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The function

StringReplace["y\\/G", {"|<" -> "K", "\/" -> "V", "]" -> "J", 
  "><" -> "X", "_" -> "", "." -> "", "," -> "", "'" -> ""}]

fails to provide the expected answer "y\VG" and instead returns "y\/G" due to the unusual (to me) way Mathematica handles strings in order to allow for symbols and images in strings.

How would one do a string replace where the symbols are literally replaced, in the order the string is shown?

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marked as duplicate by Jens, m_goldberg, Sjoerd C. de Vries, Oleksandr R., J. M. Apr 5 '13 at 12:53

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The "instead returns" should read "y\/G", somehow this site does escaping of text as well. –  March Ho Apr 4 '13 at 22:24
1  
This looks like the expected behavior. Did you try "\\/" as search string? –  Sjoerd C. de Vries Apr 4 '13 at 22:52
    
This behaviour is not expected if the string is viewed literally, without escaping characters. I do understand why Mathematica does this, but I would like to know of code which makes it behave in the way I want it to. –  March Ho Apr 5 '13 at 8:52
    
You can write such code: turn the string into the ascii equivalent, do the substitution on the numbers in the ascii code, then translate back. –  bill s Apr 5 '13 at 10:10

2 Answers 2

You failed to escape the \ character in the string pattern. Try the following:

StringReplace["y\\/G", {"\\/" -> "V"}]

(* ==> yVG *)
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What if I wanted the string to be interpreted literally (i.e. to return the expected result as asked in the initial question?) –  March Ho Apr 5 '13 at 5:42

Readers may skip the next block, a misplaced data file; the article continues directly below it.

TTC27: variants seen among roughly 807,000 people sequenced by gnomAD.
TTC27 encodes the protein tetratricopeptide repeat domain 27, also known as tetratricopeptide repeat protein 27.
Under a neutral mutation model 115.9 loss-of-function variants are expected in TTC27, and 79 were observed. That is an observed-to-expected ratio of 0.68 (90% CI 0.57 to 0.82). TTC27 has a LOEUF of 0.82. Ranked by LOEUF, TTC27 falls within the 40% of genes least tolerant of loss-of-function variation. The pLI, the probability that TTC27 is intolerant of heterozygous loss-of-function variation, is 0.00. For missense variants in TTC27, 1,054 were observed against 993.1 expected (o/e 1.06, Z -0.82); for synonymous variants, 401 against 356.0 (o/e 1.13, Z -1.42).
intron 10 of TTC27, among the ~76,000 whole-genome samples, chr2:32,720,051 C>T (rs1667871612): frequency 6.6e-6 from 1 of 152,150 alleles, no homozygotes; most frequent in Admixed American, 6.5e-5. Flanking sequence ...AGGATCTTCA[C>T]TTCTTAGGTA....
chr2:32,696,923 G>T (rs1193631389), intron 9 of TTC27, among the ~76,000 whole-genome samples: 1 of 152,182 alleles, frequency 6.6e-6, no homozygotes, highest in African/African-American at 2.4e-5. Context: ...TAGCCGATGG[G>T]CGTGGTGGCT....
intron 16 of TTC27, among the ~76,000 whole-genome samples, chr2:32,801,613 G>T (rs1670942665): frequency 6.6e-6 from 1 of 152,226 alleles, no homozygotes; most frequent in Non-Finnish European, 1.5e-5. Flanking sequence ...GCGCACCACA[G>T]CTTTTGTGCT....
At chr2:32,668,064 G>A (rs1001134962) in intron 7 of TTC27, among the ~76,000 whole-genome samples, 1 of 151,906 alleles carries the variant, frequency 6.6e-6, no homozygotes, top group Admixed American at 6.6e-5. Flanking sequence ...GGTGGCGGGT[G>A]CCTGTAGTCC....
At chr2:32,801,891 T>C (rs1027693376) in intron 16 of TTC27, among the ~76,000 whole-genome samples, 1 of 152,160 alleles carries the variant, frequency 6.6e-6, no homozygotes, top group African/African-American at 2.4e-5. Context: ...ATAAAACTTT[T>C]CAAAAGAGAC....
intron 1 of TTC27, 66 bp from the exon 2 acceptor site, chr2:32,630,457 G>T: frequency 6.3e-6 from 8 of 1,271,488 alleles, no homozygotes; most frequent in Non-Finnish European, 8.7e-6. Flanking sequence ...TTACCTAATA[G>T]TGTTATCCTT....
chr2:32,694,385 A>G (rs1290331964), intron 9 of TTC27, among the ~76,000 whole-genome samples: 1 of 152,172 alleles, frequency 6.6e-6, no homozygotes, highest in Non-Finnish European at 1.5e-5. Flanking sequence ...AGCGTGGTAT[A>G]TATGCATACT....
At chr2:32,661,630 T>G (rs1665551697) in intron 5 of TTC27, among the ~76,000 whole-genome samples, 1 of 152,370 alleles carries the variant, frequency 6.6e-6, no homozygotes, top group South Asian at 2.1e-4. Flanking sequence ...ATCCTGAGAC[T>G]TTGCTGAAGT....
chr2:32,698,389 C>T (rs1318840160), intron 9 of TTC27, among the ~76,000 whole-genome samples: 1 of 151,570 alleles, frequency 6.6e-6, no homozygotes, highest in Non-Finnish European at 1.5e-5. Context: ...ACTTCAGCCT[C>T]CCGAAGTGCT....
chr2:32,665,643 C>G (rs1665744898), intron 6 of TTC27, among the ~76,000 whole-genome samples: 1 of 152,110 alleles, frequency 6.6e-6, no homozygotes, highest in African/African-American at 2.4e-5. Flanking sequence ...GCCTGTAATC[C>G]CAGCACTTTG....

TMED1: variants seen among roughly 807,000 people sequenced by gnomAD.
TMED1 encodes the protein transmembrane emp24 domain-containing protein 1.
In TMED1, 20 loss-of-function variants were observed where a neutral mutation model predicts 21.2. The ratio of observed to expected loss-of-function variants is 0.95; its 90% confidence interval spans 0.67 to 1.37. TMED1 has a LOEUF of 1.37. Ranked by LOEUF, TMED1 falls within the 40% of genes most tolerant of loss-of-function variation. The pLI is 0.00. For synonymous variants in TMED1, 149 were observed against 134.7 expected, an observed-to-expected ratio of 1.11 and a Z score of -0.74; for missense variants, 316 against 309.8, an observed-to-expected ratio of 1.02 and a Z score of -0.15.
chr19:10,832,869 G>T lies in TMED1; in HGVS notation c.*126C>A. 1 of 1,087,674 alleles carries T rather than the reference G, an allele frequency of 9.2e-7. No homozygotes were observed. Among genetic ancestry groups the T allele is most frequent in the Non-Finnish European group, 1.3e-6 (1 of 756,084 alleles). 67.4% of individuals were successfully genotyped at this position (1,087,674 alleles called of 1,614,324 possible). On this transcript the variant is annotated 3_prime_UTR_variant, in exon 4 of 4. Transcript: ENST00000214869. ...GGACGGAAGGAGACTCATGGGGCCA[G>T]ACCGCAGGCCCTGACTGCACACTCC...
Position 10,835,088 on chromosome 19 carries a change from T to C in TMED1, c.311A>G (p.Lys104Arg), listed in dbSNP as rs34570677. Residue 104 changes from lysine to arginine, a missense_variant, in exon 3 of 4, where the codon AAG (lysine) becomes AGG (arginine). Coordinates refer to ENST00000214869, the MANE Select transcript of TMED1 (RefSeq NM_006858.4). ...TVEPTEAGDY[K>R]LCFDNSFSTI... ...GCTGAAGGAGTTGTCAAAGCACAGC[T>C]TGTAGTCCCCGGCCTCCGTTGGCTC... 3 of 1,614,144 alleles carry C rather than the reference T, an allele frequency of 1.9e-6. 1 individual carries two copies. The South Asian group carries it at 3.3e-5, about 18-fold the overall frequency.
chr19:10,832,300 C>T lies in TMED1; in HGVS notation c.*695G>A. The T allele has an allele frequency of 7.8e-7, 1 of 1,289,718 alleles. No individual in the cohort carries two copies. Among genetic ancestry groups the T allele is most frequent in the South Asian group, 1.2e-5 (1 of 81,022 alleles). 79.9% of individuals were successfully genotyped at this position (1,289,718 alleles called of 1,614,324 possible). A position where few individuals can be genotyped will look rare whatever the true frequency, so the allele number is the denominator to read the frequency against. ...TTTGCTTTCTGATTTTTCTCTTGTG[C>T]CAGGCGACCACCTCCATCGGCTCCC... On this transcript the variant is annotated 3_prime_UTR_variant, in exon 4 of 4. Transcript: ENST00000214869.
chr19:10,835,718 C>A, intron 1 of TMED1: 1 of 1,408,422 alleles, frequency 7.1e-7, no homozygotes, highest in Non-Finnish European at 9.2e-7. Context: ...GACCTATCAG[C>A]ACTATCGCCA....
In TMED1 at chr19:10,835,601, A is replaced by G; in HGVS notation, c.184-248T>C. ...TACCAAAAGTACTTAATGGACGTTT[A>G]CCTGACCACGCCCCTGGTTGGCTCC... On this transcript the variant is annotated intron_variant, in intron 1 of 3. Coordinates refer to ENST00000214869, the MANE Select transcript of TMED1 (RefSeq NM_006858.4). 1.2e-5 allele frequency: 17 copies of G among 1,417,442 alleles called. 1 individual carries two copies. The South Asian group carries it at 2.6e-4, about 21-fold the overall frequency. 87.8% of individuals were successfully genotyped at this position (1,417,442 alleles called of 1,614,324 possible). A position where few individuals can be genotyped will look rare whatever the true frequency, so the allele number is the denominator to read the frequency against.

I think this is a case where your "expected" answer doesn't actually make much sense. The reason for the "escaping" of characters is so that strings can represent more things than just letters. For example, take "carriage return"... there needs to be a way to represent this within in a string: the use of \n is the convention. Hence some character must tell the string parser that the "\n" is not taken literally. In Mathematica it is backslash. Other languages may use different symbols for this, but the procedure is similar. –  bill s Apr 5 '13 at 9:19
    
@bills just to be pedantic, \n is the line feed; the carriage return is \r... –  Oleksandr R. Apr 5 '13 at 9:44
    
I understand the need and purpose of escaping, just that it does not give the answer that I want in this case without needing an additional intermediate step. –  March Ho Apr 5 '13 at 10:13
    
@MarchHo I don't quite understand what you mean by "an intermediate step". IMO, the concept of a "literal interpretation" of a string is not very meaningful: the syntax used to represent the byte sequence given by the ASCII characters \/ as a string is "\\/", just like a string starts and ends with " and not any other characters. To specify a raw byte array as a string, one must use the proper syntax for strings, otherwise one has specified a different (possibly invalid) string relative to what was intended. –  Oleksandr R. Apr 5 '13 at 11:43
str = "y\\/G"
str = ToString[str, InputForm]
StringReplace[str, {"|<" -> "K", "\\/" -> "V", "]" -> "J", 
  "><" -> "X", "_" -> "", "." -> "", "," -> "", "'" -> ""}]

provides the expected result.

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This is the same answer I wrote, isn't it? ANy reason why you duplicated it? –  Szabolcs Apr 5 '13 at 13:58
    
@Szabolcs ToString[str, InputForm] does insert some additional escapes, but I admit it isn't clear to me why/when this would be helpful. Perhaps there is some wider context that isn't reflected in the question. –  Oleksandr R. Apr 9 '13 at 6:44

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